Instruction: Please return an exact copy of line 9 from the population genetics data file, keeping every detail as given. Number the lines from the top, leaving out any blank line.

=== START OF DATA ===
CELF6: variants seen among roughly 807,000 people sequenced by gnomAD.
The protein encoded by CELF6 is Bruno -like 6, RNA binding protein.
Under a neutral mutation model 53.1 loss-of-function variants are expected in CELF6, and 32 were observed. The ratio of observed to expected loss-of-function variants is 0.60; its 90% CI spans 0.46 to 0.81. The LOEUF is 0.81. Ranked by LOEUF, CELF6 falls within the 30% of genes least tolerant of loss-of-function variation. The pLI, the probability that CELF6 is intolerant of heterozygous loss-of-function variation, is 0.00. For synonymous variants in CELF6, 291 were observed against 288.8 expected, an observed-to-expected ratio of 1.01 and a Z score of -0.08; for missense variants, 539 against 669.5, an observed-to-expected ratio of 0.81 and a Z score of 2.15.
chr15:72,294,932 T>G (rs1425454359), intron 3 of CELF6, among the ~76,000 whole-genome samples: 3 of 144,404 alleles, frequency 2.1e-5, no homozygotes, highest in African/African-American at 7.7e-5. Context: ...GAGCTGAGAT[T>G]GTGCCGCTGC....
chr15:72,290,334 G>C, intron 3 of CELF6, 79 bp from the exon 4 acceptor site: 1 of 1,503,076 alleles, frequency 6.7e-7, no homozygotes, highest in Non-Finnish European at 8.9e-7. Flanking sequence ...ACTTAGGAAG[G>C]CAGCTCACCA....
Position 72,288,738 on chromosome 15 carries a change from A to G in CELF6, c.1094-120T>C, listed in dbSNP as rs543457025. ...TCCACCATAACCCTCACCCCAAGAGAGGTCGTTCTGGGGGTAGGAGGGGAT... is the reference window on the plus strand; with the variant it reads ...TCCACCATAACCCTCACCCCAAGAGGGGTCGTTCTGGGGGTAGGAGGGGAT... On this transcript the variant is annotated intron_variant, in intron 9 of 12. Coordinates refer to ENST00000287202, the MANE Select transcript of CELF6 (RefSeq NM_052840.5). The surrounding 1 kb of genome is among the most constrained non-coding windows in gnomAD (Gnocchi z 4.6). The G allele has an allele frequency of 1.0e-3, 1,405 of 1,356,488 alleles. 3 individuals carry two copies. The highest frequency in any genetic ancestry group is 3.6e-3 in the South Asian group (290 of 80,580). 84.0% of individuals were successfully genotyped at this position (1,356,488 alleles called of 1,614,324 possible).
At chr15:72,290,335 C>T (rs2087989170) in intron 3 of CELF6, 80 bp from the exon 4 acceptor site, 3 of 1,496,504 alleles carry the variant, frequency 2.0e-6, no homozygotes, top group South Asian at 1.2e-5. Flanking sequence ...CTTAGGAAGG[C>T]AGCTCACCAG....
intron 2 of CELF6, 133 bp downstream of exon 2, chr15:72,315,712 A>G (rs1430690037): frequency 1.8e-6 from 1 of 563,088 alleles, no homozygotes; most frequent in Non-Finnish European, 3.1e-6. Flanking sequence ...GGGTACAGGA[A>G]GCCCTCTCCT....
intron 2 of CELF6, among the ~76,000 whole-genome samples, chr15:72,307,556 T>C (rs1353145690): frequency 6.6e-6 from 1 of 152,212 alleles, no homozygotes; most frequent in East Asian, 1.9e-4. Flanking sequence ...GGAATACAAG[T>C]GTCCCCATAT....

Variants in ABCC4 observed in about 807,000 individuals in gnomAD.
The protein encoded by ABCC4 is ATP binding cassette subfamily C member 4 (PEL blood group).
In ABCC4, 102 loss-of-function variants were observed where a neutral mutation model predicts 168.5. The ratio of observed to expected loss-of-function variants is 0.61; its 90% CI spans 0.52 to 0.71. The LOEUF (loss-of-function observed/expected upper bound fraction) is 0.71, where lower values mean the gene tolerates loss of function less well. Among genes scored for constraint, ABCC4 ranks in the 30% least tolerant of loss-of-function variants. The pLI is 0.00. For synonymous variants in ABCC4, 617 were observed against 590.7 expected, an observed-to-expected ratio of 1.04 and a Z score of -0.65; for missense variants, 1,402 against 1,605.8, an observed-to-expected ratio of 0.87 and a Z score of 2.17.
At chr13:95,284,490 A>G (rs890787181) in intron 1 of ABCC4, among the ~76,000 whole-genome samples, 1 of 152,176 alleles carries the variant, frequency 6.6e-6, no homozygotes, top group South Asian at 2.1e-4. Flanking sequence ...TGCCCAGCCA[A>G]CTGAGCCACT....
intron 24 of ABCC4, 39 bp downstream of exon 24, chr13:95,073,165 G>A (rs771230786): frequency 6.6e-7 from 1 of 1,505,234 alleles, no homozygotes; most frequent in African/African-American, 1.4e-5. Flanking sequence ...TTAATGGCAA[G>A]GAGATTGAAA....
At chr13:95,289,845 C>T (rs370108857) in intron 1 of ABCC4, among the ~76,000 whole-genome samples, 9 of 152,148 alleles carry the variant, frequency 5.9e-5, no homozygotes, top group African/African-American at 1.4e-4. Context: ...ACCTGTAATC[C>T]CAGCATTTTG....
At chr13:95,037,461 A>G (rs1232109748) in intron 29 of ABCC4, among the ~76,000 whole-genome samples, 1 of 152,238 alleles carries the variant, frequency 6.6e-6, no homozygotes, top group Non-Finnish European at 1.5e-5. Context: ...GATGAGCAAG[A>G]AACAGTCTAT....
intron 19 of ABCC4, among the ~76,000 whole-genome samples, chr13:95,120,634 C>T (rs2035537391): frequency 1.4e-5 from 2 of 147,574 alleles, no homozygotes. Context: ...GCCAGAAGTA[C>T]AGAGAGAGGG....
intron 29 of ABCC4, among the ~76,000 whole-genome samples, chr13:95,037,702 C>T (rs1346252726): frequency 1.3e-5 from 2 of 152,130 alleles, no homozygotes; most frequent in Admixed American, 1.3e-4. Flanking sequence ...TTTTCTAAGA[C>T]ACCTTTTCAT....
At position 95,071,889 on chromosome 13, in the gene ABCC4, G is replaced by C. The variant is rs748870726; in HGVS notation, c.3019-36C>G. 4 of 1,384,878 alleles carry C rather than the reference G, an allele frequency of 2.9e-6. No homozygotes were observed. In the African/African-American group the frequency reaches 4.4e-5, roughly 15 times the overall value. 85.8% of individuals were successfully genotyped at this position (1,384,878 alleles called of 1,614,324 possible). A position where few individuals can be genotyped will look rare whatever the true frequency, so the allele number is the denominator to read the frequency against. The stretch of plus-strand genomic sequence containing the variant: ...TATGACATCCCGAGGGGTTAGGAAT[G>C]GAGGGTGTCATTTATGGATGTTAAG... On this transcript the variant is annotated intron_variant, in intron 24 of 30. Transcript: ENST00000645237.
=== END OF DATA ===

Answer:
intron 2 of CELF6, among the ~76,000 whole-genome samples, chr15:72,307,556 T>C (rs1353145690): frequency 6.6e-6 from 1 of 152,212 alleles, no homozygotes; most frequent in East Asian, 1.9e-4. Flanking sequence ...GGAATACAAG[T>C]GTCCCCATAT....